Our role statement was developed by Accredited Practising Dietitians (APDs) working in Adverse Food Reactions.

It defines the role an APD may fulfil when working in the area of adverse food reactions.

Importance of APDs in Adverse Food Reactions

Adverse Food Reactions is a broad term that describes a wide range of immune-mediated (allergy) and non-immune mediated (intolerance) reactions to foods. In the case of food allergy, reactions such as anaphylaxis may be life-threatening. Other adverse food reactions, while not life-threatening, can adversely affect physical, mental, and social health, as well as nutrition and overall wellbeing. APDs possess expert knowledge and skills in providing tailored education to help minimise reactions, optimise nutrition, prevent deficiencies and enhance quality of life.

What all APDs in Adverse Food Reactions can do

Entry level competencies ensure all APDs can conduct assessments, diagnose nutrition issues and develop, monitor and evaluate interventions. This applies to individuals, groups, communities, organisations and population and systems levels. Dietitians in Adverse Food Reactions have specific skills to:

  • manage patients with uncomplicated nutrition needs (such as single food allergy, no growth compromise, no other illnesses), within the multidisciplinary team, including consultation with an appropriate medical practitioner
  • recognise the clinical features of adverse food reactions and understand the typical presentation of the wide range of associated conditions and diseases1
  • consider relevant cofactors and non-dietary triggers (such as exercise, alcohol, medications) when determining the likelihood of foods/food compounds (such as allergens, gluten) triggering food-related symptoms
  • take and interpret a clinical history – dietary intake, body measurements (including growth in children and weight changes in adults), symptoms, triggers, medical, family, genetic tendency to develop allergic disease, ethnicity, co-factors and social factors
  • consider the evidenced-based and non-evidenced based diagnostic tests available,2 including their use, interpretation, associated risks and contraindications, when conducting a nutrition assessment and developing a plan
  • apply diagnostic information and knowledge of the evidence base to guide prescription, implementation and evaluation of a safe and appropriate, nutritionally sound, individualised exclusion diet and supplement recommendations (if required). Contraindications as well as impact on quality of life and long-term health is also considered.
  • provide education, including label reading and making appropriate food substitutions, to ensure nutritional adequacy
  • provide nutrition advice appropriate for age and stage when working with children and their families – including breastfeeding, maternal diet manipulation, infant formulae, and suitable milk substitutes for infants and children including their indications and contraindications.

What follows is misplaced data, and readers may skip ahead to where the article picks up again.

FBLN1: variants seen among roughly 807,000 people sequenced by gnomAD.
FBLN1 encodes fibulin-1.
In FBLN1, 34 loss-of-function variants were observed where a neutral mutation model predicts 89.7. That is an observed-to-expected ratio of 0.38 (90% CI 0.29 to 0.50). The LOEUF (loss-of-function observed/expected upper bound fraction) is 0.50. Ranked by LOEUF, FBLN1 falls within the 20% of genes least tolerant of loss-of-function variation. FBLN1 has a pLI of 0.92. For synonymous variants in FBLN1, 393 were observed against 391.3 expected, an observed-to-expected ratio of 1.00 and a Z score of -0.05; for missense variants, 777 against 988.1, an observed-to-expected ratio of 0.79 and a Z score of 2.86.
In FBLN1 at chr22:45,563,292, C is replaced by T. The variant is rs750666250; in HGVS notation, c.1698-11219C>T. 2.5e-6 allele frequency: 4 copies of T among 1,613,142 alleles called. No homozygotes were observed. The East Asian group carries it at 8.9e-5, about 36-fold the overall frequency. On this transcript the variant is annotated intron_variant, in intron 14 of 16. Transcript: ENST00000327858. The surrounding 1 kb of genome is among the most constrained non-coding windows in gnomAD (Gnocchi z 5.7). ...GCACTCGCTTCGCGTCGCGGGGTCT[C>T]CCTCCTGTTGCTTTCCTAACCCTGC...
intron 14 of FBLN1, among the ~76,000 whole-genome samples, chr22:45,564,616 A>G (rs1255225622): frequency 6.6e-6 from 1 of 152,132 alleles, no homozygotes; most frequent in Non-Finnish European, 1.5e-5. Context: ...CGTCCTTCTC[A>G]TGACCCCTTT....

Note this list has been adapted from the European Academy of Allergy & Clinical Immunology.3

What APDs with greater experience in Adverse Food Reactions can do

As APDs gain experience and expertise in their area of practice, they can take on more complex tasks. Check with an APD if they have further training and an extended scope of practice. Dietitians experienced in Adverse Food Reactions may:

  • manage patients with complex nutrition needs (for example, multiple food allergies, growth compromise, multiple illnesses), within the multidisciplinary team, including consultation with an appropriate medical practitioner
  • undertake research contributing to the evidence-base in nutrition and adverse food reactions.

What APDs in Adverse Food Reactions don’t do

Dietitians work closely with other professionals to ensure the best outcomes for the people they work with. However, dietitians don’t always provide the same services as non-dietitian colleagues.

Dietitians in Adverse Food Reactions don’t:

  • diagnose immune mediated adverse food reactions (for example, food allergy, coeliac disease)
  • provide medical management, including conducting supervised food allergen challenges.

For more, download the full role statement.The full statement includes a list of document references.

Get in touch

If you have questions about this role statement, contact us at policy@dietitiansaustralia.org.au

Our role statements describe the skills and knowledge of an APD working in an area of practice.
Dietitians treat a range of health conditions. They understand how nutrition affects the body and will give you expert nutrition and dietary advice.